Chissoe said MTAC members haven’t met the NIGC’s technical advisers and have had no direct contact with them or knowledge of their expertise.
MTAC members said in an Aug. 24 letter to Hogen, “it was clear that neither the committee members nor the NIGC staff could explain the meaning of certain proposed technical language, the intent of the standard or even what the rule is meant to address.”
“We got into this very protracted dialogue, perhaps it means this, perhaps it’s referring to this,” Chissoe said about a recent MTAC-NIGC meeting in Alabama. “And at some point, the committee had to say, look, we don’t think it’s proper for NIGC to be proposing regulations that the NIGC itself cannot explain.”
He said it would be particularly problematic for him as a gaming regulator to be responsible for enforcing regulations that no one has been able to explain.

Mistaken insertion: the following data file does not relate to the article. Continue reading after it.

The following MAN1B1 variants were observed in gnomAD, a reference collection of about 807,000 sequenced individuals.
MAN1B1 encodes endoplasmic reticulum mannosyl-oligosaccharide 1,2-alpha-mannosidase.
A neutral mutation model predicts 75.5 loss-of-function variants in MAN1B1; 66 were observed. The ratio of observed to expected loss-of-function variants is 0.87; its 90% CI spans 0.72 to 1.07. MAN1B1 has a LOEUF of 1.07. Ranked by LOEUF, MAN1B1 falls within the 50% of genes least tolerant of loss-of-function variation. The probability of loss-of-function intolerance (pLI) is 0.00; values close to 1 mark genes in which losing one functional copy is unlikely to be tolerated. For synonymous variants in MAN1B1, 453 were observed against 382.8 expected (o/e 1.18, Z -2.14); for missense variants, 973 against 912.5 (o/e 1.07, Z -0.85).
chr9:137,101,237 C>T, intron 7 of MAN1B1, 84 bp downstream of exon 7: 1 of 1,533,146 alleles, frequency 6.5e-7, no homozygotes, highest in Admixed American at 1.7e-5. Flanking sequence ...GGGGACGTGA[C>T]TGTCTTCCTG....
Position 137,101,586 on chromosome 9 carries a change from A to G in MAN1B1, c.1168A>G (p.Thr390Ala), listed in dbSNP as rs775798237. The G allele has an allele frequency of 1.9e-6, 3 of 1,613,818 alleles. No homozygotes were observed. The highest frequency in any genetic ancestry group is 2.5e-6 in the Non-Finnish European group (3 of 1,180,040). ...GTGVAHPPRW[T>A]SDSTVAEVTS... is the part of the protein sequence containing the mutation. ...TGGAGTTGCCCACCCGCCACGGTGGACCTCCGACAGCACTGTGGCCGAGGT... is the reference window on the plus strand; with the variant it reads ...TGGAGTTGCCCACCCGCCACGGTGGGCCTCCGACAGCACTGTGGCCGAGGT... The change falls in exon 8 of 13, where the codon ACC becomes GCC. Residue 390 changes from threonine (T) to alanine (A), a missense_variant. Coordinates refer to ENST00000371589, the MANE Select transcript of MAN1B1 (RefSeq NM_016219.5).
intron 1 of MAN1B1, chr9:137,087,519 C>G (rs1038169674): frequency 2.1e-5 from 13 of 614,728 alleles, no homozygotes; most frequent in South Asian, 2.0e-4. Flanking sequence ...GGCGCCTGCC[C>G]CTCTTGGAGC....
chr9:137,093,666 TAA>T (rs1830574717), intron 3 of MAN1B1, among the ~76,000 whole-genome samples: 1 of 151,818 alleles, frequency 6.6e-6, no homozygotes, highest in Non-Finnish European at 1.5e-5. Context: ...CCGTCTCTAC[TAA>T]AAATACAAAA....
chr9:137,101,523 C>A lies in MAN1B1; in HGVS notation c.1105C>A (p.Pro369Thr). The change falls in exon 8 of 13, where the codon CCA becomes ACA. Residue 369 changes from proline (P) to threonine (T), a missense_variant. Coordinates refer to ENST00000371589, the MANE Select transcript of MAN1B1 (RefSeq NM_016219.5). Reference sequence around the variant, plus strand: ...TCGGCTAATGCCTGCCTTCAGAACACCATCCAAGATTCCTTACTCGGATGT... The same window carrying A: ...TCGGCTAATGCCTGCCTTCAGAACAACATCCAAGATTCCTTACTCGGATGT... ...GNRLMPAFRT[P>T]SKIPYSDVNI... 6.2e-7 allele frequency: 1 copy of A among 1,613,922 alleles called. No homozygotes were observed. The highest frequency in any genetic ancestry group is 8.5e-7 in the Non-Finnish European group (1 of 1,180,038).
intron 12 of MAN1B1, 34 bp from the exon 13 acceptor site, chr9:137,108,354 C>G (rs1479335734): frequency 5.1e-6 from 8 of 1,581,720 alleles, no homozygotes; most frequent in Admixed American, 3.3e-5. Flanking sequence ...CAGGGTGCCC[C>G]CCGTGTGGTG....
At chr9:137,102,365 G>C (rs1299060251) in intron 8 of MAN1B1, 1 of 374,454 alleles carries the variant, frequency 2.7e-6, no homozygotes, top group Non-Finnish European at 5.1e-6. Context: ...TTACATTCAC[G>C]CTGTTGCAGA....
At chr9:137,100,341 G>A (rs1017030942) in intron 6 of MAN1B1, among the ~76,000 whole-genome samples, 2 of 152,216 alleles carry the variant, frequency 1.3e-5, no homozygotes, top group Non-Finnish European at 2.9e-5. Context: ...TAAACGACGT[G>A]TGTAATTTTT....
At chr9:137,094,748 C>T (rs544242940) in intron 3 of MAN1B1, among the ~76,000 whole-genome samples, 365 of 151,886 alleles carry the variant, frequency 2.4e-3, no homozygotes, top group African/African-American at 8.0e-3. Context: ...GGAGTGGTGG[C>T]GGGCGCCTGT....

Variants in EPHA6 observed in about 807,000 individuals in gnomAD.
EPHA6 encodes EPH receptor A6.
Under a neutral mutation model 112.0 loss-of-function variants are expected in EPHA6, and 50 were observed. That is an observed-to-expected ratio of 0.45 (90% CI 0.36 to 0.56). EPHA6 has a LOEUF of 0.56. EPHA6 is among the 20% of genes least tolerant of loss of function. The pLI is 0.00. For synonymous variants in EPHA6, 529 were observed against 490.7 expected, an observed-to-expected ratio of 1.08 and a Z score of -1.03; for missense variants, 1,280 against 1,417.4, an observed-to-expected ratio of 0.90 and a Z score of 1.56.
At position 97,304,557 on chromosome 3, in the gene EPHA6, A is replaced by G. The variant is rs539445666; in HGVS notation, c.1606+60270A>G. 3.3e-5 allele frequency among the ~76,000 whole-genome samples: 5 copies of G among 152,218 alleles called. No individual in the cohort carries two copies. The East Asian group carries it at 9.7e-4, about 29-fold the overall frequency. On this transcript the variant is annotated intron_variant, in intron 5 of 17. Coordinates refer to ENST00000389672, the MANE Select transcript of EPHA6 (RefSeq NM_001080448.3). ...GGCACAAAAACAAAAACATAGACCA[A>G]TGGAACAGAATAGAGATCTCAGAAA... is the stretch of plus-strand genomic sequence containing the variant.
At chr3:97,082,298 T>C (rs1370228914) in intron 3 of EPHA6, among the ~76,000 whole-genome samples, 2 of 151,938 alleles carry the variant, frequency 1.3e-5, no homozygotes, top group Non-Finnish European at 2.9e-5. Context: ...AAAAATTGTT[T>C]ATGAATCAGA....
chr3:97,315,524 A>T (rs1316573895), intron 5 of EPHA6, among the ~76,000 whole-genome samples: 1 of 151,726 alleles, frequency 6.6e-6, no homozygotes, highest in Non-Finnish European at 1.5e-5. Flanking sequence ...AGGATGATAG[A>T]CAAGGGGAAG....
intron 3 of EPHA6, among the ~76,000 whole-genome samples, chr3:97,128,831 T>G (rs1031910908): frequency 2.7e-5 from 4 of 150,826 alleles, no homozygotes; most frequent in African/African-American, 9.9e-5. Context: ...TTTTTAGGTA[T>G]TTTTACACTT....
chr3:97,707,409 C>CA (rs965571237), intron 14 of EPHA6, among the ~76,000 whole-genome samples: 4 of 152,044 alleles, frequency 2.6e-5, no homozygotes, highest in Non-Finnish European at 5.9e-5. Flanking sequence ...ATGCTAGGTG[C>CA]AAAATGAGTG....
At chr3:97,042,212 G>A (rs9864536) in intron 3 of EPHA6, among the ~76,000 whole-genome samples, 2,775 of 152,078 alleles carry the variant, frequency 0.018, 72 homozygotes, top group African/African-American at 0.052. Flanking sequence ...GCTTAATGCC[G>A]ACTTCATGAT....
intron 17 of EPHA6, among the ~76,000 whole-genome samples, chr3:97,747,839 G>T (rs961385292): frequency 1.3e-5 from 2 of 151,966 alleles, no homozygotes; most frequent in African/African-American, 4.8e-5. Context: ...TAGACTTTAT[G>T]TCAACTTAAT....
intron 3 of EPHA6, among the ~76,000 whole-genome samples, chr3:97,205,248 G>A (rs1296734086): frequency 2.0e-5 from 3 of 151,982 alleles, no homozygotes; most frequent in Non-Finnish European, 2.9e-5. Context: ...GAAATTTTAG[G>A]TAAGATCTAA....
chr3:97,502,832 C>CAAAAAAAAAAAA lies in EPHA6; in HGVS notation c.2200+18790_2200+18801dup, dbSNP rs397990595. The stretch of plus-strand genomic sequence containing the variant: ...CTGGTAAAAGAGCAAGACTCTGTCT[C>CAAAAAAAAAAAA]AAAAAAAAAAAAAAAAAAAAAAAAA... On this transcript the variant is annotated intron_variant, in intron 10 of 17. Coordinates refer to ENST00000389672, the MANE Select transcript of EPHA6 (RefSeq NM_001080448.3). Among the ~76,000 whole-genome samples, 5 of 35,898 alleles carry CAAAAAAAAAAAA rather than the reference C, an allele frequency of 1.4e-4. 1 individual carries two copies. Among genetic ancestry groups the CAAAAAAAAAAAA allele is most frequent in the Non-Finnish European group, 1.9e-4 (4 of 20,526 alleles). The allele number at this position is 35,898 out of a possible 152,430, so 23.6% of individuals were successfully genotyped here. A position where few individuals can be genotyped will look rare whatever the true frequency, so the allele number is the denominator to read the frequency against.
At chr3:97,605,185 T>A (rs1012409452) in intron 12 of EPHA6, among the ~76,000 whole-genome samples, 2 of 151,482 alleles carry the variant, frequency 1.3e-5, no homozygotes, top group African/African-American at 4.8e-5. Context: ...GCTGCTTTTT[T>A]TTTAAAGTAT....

“And on the point of submitting questions in writing and having them answer in writing, that’s not true dialogue and it is not true consultation. What if the answer is something the committee members don’t understand or it prompts further questions? I think to propose that it would be adequate as some sort of meaningful consultation process is just asinine.”
Tribal representatives were also concerned that a proposed regulation requiring jackpot payouts to be validated by a backroom accounting system is really a technical standard masquerading as a MICS. They said the regulation, if passed, would force gaming operations to purchase expensive new equipment from a particular manufacturer or to pay the manufacturer a royalty fee to use its proprietary technology.
Hogen, refuting that claim, said “no technical specifications” are being proposed.
“The contemplated MICS in no way impose a mandate for tribes to invest in specific technology, with the possible exception of necessary ticket validation equipment. The MICS are simply meant to establish control standard for certain technology if it is in use at a tribe’s gaming operation,” Hogen wrote.
Not quite, Chissoe said.